Travels With Steinbeck



“I am in Love with Montana.”

Come and ride along with me as I follow the Steinbeck route from Travels with Charley around the U.S. and “rediscover this monster land.”

The Badlands look pretty good in the early morning decked out in snow.

The Badlands look pretty good in the early morning decked out in snow.

Steinbeck’s Route: It’s anybody’s guess how Steinbeck got out of Chicago—even in 1960 there were many choices.  My guess is—U.S. 14 to Madison, Wisconsin and U.S. 12 to Mauston, Wisconsin where he stayed. U.S. 12 would have taken him to the Twin Cities. He most certainly followed U.S. 52 to Sauk Centre and U.S. 71 and U.S. 10 to Detroit Lakes where he spent the night. In 1960 U.S 10 ran all the way across North Dakota from Fargo to Beach and was also the main southern route across Montana. Today it has been replaced  by I-94 and I-90 (my route).

The Landscape: There was little to engage the eye in North Dakota. In fact, when the rather flat terrain redolent with brown-on-brown flowing to a brown horizon was interrupted by the occasional camel’s hump hill, it was adorned with a huge cutout of a cow or antique farm equipment. The Badlands to the west around the Little Missouri River splashed in some pink and blue for welcome variety. I think the Badlands look rather good with a dusting of fresh snow, as was present when Max and I woke up in Teddy Roosevelt National Park Monday morning, October 12th.

What story lies behind these discarded items in Western North Carolina?

What story lies behind these discarded items in Western North Dakota?

The Steinbeck Connection: This is a section of Travels with Charley in which Steinbeck gets philosophical about many subjects. He mused on the mystery inherent in Fargo, North Dakota (the Cohen Brothers know a thing or two about that), as well as the state of being alone. He wrote about the agelessness of thespians after meeting an itinerant actor.  He had a discussion with Charley about America and whether the two of them were actually learning anything about it, “Does all America so far smell alike,” he asked Charley.  He examined some garbage Charley turned up and mentioned the danger of leaving a trail (he found a note indicating the man who lost it was on the lam after not paying alimony). Finally he relayed the eerie and disconcerting qualities he perceived in the Badlands and, after leaving them behind, fell head over heels for Montana. “I am in love with Montana.”

I felt most of my creepy aloneness in Wisconsin just after saying goodbye to my wife, Dimmie, while camped in dense woods far away from anything and anyone, except for one canvas tent full of strange men. I caught myself thinking sinister thoughts about them. But, I was cheered that night by an envelope of grateful and supportive notes from a class of ninth graders I visited with in Carlisle, Pennsylvania. I thought the Badlands of North Dakota looked good in snow.  It was important to learn I could rise to the  early morning challenge of driving in snow, pulling the Winnie. I visited The Little Bighorn Battlefield—it was a powerful and chilling experience. And as for Montana, although not without its flaws, it is spectacular for sure; I could fall in love with Montana but then I would be cheating on Wyoming.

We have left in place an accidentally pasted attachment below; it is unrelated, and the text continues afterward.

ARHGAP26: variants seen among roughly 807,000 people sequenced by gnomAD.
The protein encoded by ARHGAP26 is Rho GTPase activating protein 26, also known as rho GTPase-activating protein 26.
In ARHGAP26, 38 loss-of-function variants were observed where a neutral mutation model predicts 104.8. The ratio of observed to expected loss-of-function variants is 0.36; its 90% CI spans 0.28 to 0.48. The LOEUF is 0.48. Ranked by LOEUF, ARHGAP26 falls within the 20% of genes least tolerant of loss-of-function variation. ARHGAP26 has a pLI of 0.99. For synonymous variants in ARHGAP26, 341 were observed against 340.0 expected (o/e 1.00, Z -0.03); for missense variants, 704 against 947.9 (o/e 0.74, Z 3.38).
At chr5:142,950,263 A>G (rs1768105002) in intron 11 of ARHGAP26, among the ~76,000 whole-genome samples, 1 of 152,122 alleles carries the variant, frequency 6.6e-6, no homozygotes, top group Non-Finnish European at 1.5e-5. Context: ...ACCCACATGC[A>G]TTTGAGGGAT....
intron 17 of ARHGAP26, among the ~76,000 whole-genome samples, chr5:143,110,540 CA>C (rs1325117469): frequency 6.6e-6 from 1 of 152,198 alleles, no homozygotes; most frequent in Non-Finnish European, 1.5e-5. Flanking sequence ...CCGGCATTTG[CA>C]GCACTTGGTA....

Eastern Montana lawn art.  Rocinante, is that you?

Eastern Montana lawn art. Rocinante, is that you?

The Dog: My buddy Dave sent a comment that Max seems to be getting younger on this trip, and it is true. Max has been a wonderful companion. I have never felt closer to him. He seems to be recovering nicely from the botched tick removal the other day and has forgiven me my clumsiness.

Sweet Notes: My old friend, Clint, just called and gave me some feedback on my blog. He closed with, “If you get in trouble anywhere within 300 miles of here call me and I’ll be up from Idaho to help.” Now that’s sweet, and it’s great to know Clint is riding along.  I also heard from Marilyn who wrote, “I love seeing this ‘monster land’ with you and Max while sipping my morning coffee at the dining room table before going to work.”  Thanks for riding along Marilyn.

Thank you for riding along. Let’s talk again soon, shall we?

Greg Zeigler

Travels with Steinbeck: In Search of America Fifty Years Later

Copyright © 2009

Last Stand Hill from the perspective of a charging Sioux warrior.

Last Stand Hill from the perspective of a charging Sioux warrior.

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  1. * Marilyn Osborne says:

    Hi Greg, I love seeing this “monster land” with you and Max while sipping my morning coffee at the dining room table before going to work. Of course, it would be even better to be there! Maybe Jeanne and I will take such an adventure one day. Thanks for the Max mail!

    | Reply Posted 7 years, 8 months ago


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